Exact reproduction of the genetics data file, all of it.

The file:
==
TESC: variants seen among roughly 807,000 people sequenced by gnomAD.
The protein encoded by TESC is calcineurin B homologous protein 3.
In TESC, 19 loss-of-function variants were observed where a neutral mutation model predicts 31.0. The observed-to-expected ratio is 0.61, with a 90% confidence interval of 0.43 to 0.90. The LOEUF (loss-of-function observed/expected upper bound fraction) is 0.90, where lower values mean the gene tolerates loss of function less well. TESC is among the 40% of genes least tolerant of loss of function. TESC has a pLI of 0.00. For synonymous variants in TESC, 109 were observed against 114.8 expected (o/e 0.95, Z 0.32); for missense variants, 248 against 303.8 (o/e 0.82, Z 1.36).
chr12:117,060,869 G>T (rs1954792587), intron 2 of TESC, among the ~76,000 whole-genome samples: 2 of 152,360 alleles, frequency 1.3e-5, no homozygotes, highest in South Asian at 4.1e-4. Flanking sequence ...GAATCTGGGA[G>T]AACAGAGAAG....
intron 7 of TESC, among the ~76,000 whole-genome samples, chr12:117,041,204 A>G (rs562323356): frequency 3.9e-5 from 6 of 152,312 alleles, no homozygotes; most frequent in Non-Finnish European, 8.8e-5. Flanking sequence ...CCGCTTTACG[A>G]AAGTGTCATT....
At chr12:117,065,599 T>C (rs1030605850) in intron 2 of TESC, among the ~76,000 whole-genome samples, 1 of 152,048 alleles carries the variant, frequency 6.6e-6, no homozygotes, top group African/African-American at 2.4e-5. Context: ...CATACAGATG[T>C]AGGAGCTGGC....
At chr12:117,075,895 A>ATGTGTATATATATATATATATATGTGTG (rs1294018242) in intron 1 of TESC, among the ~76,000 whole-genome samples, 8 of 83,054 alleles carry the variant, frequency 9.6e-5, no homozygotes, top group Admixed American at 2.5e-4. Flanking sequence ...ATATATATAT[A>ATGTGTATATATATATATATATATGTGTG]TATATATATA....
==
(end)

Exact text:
TESC: variants seen among roughly 807,000 people sequenced by gnomAD.
The protein encoded by TESC is calcineurin B homologous protein 3.
In TESC, 19 loss-of-function variants were observed where a neutral mutation model predicts 31.0. The observed-to-expected ratio is 0.61, with a 90% confidence interval of 0.43 to 0.90. The LOEUF (loss-of-function observed/expected upper bound fraction) is 0.90, where lower values mean the gene tolerates loss of function less well. TESC is among the 40% of genes least tolerant of loss of function. TESC has a pLI of 0.00. For synonymous variants in TESC, 109 were observed against 114.8 expected (o/e 0.95, Z 0.32); for missense variants, 248 against 303.8 (o/e 0.82, Z 1.36).
chr12:117,060,869 G>T (rs1954792587), intron 2 of TESC, among the ~76,000 whole-genome samples: 2 of 152,360 alleles, frequency 1.3e-5, no homozygotes, highest in South Asian at 4.1e-4. Flanking sequence ...GAATCTGGGA[G>T]AACAGAGAAG....
intron 7 of TESC, among the ~76,000 whole-genome samples, chr12:117,041,204 A>G (rs562323356): frequency 3.9e-5 from 6 of 152,312 alleles, no homozygotes; most frequent in Non-Finnish European, 8.8e-5. Flanking sequence ...CCGCTTTACG[A>G]AAGTGTCATT....
At chr12:117,065,599 T>C (rs1030605850) in intron 2 of TESC, among the ~76,000 whole-genome samples, 1 of 152,048 alleles carries the variant, frequency 6.6e-6, no homozygotes, top group African/African-American at 2.4e-5. Context: ...CATACAGATG[T>C]AGGAGCTGGC....
At chr12:117,075,895 A>ATGTGTATATATATATATATATATGTGTG (rs1294018242) in intron 1 of TESC, among the ~76,000 whole-genome samples, 8 of 83,054 alleles carry the variant, frequency 9.6e-5, no homozygotes, top group Admixed American at 2.5e-4. Flanking sequence ...ATATATATAT[A>ATGTGTATATATATATATATATATGTGTG]TATATATATA....